Lobbying and Influencing

Many SME businesses are challenged by the bureaucracy of the state and EU institutions sometimes this is not knowing how or where to engage with them other times it’s the endless stream of regulation and paperwork. The Chamber works with our SMEs to address these issues and enable you to focus on running your business in the most effective way you can. We seek the views of our SME members through focus groups on specific issues such as Brexit, surveys on issues currently affecting your business and through hosting seminars on issues affecting your business and listening to your concerns. These issues then become part of our wider lobbying and influencing agenda. South Dublin Chamber is a registered lobbying organization under the Regulation of |Lobbying Act 2015,

Chamber priorities for 2023 include;

  • Commercial Rates
  • Housing and Rental costs
  • Transport and availability of effective public transport.
  • Wage inflation

As part of the Chamber’s remit we lobby and seek to influence those who are charged with developing our economy locally and nationally.  With the recent elections for Local and European Parliament places the Chamber’s produced a Manifesto for both.  Our Chamber works with all the other Chambers affiliated to Chambers Ireland to ensure the voice of our collective membership of over 9,000 businesses is heard.

Locally we have a strong relationship with all the main political parties and some of the issues we highlighted were:

  • Create more stable revenue models by ending the over reliance on business rates and increasing the proportion of the Local Authority income that comes from local property taxes (LPT).
  • Implement a widespread and accessible charging infrastructure for electric vehicles to accelerate the decarbonisation of our economy.
  • Create local skills censuses and develop complementary training programme which address local skill gaps.
  • Implement a programme of export training for SMEs.
  • Reduce the bureaucracy in engagement with the Council.

On a European level we see the EU as essential to the growth and stability of our business community.  As you will see from our Manifesto, we see greater engagement with the EU as essential.  Some of the points we have highlighted include:

Financial aid for communities and businesses who may be detrimentally impacted in the event of a no-deal Brexit.
Increased resources to communicate the funding opportunities available to SMEs and entrepreneurs under programmes like the European Investment Fund and Horizon 2020.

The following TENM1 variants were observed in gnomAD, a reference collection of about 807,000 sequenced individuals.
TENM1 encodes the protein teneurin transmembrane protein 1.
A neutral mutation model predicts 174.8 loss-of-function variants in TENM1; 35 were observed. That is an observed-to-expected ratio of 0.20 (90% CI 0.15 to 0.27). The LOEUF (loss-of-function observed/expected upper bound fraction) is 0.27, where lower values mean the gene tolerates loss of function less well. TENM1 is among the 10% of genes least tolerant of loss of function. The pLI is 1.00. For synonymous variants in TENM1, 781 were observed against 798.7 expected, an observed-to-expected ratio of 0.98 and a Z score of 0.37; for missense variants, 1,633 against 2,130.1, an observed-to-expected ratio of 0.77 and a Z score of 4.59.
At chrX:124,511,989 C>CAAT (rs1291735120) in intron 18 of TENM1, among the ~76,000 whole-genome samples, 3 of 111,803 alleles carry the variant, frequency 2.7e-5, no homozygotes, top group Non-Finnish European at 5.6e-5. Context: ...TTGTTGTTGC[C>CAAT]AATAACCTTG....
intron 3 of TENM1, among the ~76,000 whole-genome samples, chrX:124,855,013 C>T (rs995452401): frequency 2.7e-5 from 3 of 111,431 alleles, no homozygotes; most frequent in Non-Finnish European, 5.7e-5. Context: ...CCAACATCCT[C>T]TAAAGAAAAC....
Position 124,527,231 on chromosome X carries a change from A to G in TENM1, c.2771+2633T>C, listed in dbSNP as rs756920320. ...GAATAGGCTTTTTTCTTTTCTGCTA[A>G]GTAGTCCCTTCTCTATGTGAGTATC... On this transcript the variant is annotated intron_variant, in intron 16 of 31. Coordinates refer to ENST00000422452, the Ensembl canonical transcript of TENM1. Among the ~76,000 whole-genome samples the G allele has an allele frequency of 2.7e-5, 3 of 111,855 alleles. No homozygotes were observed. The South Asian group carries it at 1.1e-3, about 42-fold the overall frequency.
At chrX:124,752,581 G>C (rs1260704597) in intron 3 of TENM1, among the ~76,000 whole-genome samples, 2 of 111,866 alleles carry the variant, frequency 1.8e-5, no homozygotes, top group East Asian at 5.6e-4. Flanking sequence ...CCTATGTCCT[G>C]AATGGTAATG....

Maintain the status quo of EU Council unanimity on issues of taxation.
Prioritise the “Think Small First” principle across all new regulation so that red tape for SMEs is minimised.
Ensure there are financial supports available that encourage businesses to invest in energy efficiency.

Working together we can address these issues. On our own we cannot. Being a Chamber member empowers us to challenge on your behalf the issues that hold your business back.


Tánaiste and Minister for Foreign Affairs and Trade, Simon Coveney TD met with our Chamber members in February (2019) and shared insights into how the Brexit situation was evolving and the challenges the country faced as a result of same. The Q&A session was very interesting with the Tánaiste and Minister for Foreign Affairs and Trade taking over an hour to converse with members.

In April (2019) we ran a Trade Mission to Scotland. This was a good opportunity to assess what changes are needed to import / export to the UK. The programme provided direct contacts for those taking part with Scottish businesses of interest to them and provided insights from the Scottish agencies and Chambers supporting the trade mission. South Dublin was the lead Chamber on this mission which had businesses from Fingal Dublin, Dun Laoghaire Rathdown and Kildare Chambers attending.

Throughout 2023 the Chamber will be supporting members dealing with Brexit through advice clinics, specialist training and ongoing relevant and specific information.